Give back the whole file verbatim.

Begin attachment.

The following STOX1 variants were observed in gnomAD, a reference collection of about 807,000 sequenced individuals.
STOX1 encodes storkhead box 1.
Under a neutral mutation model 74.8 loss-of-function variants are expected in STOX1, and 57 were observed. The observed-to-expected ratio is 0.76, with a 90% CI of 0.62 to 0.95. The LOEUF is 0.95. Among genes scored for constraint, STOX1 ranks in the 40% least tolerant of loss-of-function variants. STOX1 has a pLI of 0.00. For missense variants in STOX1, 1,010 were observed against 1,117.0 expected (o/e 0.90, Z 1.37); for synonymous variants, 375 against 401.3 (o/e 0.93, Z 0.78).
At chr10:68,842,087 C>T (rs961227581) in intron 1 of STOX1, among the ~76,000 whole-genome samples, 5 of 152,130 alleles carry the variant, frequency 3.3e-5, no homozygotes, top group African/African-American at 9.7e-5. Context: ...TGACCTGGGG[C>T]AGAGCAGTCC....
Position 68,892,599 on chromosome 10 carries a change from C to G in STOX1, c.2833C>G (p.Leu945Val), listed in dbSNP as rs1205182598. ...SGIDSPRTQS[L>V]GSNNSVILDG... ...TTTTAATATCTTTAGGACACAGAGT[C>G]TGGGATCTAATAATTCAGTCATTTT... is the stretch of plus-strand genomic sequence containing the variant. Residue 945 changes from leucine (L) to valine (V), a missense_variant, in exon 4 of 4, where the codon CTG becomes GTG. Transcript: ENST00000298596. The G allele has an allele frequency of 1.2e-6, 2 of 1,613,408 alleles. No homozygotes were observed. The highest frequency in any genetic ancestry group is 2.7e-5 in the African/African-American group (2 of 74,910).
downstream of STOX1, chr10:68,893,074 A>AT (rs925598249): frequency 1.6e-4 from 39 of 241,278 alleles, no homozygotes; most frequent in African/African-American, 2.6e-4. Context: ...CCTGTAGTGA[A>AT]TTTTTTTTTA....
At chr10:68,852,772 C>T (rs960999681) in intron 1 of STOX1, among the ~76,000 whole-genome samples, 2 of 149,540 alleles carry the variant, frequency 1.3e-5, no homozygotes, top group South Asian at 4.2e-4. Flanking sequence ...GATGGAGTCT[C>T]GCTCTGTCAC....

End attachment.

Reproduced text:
The following STOX1 variants were observed in gnomAD, a reference collection of about 807,000 sequenced individuals.
STOX1 encodes storkhead box 1.
Under a neutral mutation model 74.8 loss-of-function variants are expected in STOX1, and 57 were observed. The observed-to-expected ratio is 0.76, with a 90% CI of 0.62 to 0.95. The LOEUF is 0.95. Among genes scored for constraint, STOX1 ranks in the 40% least tolerant of loss-of-function variants. STOX1 has a pLI of 0.00. For missense variants in STOX1, 1,010 were observed against 1,117.0 expected (o/e 0.90, Z 1.37); for synonymous variants, 375 against 401.3 (o/e 0.93, Z 0.78).
At chr10:68,842,087 C>T (rs961227581) in intron 1 of STOX1, among the ~76,000 whole-genome samples, 5 of 152,130 alleles carry the variant, frequency 3.3e-5, no homozygotes, top group African/African-American at 9.7e-5. Context: ...TGACCTGGGG[C>T]AGAGCAGTCC....
Position 68,892,599 on chromosome 10 carries a change from C to G in STOX1, c.2833C>G (p.Leu945Val), listed in dbSNP as rs1205182598. ...SGIDSPRTQS[L>V]GSNNSVILDG... ...TTTTAATATCTTTAGGACACAGAGT[C>G]TGGGATCTAATAATTCAGTCATTTT... is the stretch of plus-strand genomic sequence containing the variant. Residue 945 changes from leucine (L) to valine (V), a missense_variant, in exon 4 of 4, where the codon CTG becomes GTG. Transcript: ENST00000298596. The G allele has an allele frequency of 1.2e-6, 2 of 1,613,408 alleles. No homozygotes were observed. The highest frequency in any genetic ancestry group is 2.7e-5 in the African/African-American group (2 of 74,910).
downstream of STOX1, chr10:68,893,074 A>AT (rs925598249): frequency 1.6e-4 from 39 of 241,278 alleles, no homozygotes; most frequent in African/African-American, 2.6e-4. Context: ...CCTGTAGTGA[A>AT]TTTTTTTTTA....
At chr10:68,852,772 C>T (rs960999681) in intron 1 of STOX1, among the ~76,000 whole-genome samples, 2 of 149,540 alleles carry the variant, frequency 1.3e-5, no homozygotes, top group South Asian at 4.2e-4. Flanking sequence ...GATGGAGTCT[C>T]GCTCTGTCAC....